No room for dessert.

What's so notable about this place are the prices. This meal -- with a cocktail* and a carafe of good gruner -- cost me all of $65 (before tax and tip). They do this, I think, by keeping portions sort of small. But only compared to the too-big portions we get elsewhere. I certainly wasn't hungry after dinner. In fact, I had no room for dessert -- which, last time I ate here, was the star course.

The barmaid was so nice that I feel I have to mention her.

Wallsee's better. But Wallsee isn't around the block from Carnegie Hall.

COMP DISCLOSURE: A glass of an off-dry Austrian Muscatel. Will drink next time.
__________________________________________________________________
* You'd never expect this place to have good cocktails. But the Spicemaker -- bourbon, tangerine juice, and a spice syrup -- was well-balanced and flavorful.
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#4 Wilfrid1

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Posted 29 January 2009 - 02:50 PM

I will put this on the list for next time I need a midtown supper.
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#5 Sneakeater

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Posted 29 January 2009 - 02:55 PM

Another thing to note is that, unlike other places that claim to serve until midnight, these guys do.
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#6 Suzanne F

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Posted 29 January 2009 - 03:14 PM

Will be trying it out this Saturday before Orpheus.

I don't actually know what a handbasket is -- but whatever they are, singer-songwriters are in the first ones going to hell. -- Sneakeater, 29 March 2018 - 12:06 AM

 

notorious stickler -- NY Times
deeply annoying and nitpicking -- Molly O'Neill, One Big Table


#7 Daniel

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Posted 29 January 2009 - 03:16 PM

I have been looking forward to going here.. I also have been itching to get back to Blau Ganz.. It's that time of year.
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#8 Sneakeater

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Posted 29 January 2009 - 03:19 PM

To summarize, you don't walk out of Seasonal thinking you can't believe how good your meal was.

But at these prices, in this neighborhood, you don't have to.

(Daniel, you're gonna find it too light.)
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#9 Suzanne F

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Posted 01 February 2009 - 10:44 PM

Ate here before Orpheus at Carnegie last night. We enjoyed it a lot. Loved the look of the place, and the plates/glasses/flatware. We sat at a two-top opposite the bar, about halfway back. I couldn't determine noise level, since I was having ear problems sad.gif but Paul said it was loudish when full but not ear-splitting.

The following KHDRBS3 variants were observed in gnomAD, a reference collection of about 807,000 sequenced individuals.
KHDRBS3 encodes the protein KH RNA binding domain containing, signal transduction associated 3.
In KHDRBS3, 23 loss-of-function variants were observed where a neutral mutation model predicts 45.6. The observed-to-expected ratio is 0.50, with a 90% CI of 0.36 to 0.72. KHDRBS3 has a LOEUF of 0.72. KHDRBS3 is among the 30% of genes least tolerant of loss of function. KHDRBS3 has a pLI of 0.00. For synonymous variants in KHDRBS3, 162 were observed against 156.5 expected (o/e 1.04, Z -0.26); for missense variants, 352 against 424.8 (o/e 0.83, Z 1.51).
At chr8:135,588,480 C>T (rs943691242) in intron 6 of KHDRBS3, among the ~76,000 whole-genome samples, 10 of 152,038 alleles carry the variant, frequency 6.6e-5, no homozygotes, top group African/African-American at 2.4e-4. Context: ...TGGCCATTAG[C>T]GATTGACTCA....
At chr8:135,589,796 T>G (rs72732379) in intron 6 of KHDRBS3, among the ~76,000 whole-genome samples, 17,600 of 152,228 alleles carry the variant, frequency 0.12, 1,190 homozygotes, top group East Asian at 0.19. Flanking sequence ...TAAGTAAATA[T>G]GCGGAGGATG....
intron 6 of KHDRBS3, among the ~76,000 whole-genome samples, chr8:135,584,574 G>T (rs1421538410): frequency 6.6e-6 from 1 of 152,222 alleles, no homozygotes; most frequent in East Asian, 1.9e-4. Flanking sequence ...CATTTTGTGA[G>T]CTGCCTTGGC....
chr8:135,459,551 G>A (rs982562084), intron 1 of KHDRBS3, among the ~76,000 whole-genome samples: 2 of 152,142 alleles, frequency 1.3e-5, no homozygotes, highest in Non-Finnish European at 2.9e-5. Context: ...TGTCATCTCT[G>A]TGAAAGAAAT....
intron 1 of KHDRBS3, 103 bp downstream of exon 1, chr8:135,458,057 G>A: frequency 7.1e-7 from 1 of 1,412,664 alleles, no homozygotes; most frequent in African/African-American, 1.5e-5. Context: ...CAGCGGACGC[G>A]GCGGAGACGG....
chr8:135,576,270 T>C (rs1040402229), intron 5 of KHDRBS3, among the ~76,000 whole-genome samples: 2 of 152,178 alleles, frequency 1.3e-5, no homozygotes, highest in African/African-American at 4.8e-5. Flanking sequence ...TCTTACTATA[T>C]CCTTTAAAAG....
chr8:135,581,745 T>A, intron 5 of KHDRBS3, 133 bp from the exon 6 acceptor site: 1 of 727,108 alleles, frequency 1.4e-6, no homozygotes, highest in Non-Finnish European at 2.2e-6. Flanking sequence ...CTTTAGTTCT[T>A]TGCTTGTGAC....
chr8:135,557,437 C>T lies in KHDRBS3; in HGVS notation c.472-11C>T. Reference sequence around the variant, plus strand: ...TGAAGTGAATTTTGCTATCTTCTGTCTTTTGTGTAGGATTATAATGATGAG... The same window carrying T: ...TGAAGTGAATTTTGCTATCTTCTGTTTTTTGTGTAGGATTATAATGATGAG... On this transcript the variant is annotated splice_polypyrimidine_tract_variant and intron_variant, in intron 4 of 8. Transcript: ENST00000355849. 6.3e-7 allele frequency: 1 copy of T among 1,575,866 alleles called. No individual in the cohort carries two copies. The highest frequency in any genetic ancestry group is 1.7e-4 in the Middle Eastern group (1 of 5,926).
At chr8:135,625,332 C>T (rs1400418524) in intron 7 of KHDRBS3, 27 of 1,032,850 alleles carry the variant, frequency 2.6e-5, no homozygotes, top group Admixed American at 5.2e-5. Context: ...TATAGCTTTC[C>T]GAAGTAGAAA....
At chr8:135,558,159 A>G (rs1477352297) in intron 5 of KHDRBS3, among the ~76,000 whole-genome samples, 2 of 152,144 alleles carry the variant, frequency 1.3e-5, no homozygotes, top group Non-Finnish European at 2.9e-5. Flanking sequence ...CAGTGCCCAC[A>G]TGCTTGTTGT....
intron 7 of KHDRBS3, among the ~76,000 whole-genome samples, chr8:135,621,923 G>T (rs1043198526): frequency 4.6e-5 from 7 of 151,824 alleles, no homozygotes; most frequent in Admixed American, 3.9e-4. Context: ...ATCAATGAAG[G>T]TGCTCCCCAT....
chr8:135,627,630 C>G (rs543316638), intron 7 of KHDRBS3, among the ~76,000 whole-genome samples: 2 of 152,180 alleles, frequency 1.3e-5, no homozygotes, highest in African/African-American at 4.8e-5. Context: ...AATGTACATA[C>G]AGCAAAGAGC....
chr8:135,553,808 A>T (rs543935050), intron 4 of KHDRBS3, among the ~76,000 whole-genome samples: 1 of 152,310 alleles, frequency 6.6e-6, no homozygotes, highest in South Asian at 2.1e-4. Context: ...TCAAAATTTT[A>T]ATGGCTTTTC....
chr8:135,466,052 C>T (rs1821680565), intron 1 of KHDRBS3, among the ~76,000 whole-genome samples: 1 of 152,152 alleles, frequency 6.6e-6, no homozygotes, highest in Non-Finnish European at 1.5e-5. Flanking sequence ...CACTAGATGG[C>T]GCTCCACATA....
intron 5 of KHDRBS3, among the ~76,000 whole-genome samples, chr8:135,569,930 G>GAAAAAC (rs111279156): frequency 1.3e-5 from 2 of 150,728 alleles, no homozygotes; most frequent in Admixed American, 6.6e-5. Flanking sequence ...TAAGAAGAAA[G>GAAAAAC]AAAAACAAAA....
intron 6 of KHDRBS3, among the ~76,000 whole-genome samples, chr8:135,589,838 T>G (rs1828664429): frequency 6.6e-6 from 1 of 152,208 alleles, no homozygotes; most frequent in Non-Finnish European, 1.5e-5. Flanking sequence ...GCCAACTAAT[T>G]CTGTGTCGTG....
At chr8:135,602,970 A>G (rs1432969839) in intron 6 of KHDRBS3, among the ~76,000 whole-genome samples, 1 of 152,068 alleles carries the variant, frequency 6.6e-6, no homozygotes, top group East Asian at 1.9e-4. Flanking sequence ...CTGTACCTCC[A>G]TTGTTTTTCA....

Server was pleasant, sometimes a bit too chummy. Bussers were absolutely great -- not clearing when it was barely obvious one of us had a bite or a sip still. Overall, though, service was a bit on the slow side, and we never did get dessert and coffee/tea as ordered because "someone dropped the ball" and there wouldn't have been time once the error was discovered.

Amuse:
Smoked duck breast over shredded cabbage, with sweet mustard

Apps and drinks:

Kärnter Schlutzkrapfen: Austrian High Altitude Cheese Ravioli with Smoked Chanterelle Mushrooms, Baby Leave [sic] Spinach and Harvest Corn Sauce [foam]

Kuerbiscremesuppe: Pumpkin soup with pumpkin seed oil

Gruener Veltliner, 2007, Schwarzbock, Weinviertel, Austria [carafe, shared]

Spicemaker (Bourbon, Tangerine, Spices) [mostly mine]


Mains and drinks:

Chatham Cod with Chanterelle Stew, Bell Peppers, Pearl Onions and Fresh Marjoram

Tafelspitz: Classic Viennese Boiled Beef with Baby Root Vegetables, Oxtail Consommé (and spinach puree)


Gruener Veltliner Schiefer, 2006, Forstreiter, Kremstal, Austria [carafe, shared]

Blaufraenkisch Kalk Schiefer, 2005, Weninger, Burgenland, Austria [carafe, shared]


We found everything very tasty, which was good because yes, the portions are not large. Sufficient, though.

Amuse was a nice mouthful. The cabbage was not quite sauerkraut but almost, and a good contrast to the slice of very rare duck, as was the mustard.

The cheese in the ravioli had a bit of a bite and the chanterelles were quite meaty. Soup was terrific, very rich but not cloying, and the oil (and a few roasted seeds) made a good flavor contrast. GV we shared with apps was dry, almost grassy. Cocktail was a bit on the sweet side for me, but addictive nonetheless. Does anyone know what the hair-fine red things floating in it are? Their spiciness seemed to grow as I got to the end of the drink. And I thought it was great that they use one very large ice cube; less dilution over the sipping period.